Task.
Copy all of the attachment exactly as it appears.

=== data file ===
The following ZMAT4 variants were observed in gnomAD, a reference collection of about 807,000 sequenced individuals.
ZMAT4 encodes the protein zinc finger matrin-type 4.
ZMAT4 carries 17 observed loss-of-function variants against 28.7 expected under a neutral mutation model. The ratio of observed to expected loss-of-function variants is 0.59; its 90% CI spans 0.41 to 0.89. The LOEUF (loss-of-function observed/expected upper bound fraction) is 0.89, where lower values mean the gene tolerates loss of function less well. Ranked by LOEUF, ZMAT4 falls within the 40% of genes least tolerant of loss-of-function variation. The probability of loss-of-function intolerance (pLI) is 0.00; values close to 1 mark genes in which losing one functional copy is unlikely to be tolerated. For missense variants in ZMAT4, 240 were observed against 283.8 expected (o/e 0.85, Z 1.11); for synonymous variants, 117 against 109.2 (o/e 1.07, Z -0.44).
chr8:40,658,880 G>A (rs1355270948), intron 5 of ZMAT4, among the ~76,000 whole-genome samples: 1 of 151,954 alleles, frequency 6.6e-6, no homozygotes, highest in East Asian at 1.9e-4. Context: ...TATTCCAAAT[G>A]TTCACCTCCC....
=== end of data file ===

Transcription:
The following ZMAT4 variants were observed in gnomAD, a reference collection of about 807,000 sequenced individuals.
ZMAT4 encodes the protein zinc finger matrin-type 4.
ZMAT4 carries 17 observed loss-of-function variants against 28.7 expected under a neutral mutation model. The ratio of observed to expected loss-of-function variants is 0.59; its 90% CI spans 0.41 to 0.89. The LOEUF (loss-of-function observed/expected upper bound fraction) is 0.89, where lower values mean the gene tolerates loss of function less well. Ranked by LOEUF, ZMAT4 falls within the 40% of genes least tolerant of loss-of-function variation. The probability of loss-of-function intolerance (pLI) is 0.00; values close to 1 mark genes in which losing one functional copy is unlikely to be tolerated. For missense variants in ZMAT4, 240 were observed against 283.8 expected (o/e 0.85, Z 1.11); for synonymous variants, 117 against 109.2 (o/e 1.07, Z -0.44).
chr8:40,658,880 G>A (rs1355270948), intron 5 of ZMAT4, among the ~76,000 whole-genome samples: 1 of 151,954 alleles, frequency 6.6e-6, no homozygotes, highest in East Asian at 1.9e-4. Context: ...TATTCCAAAT[G>A]TTCACCTCCC....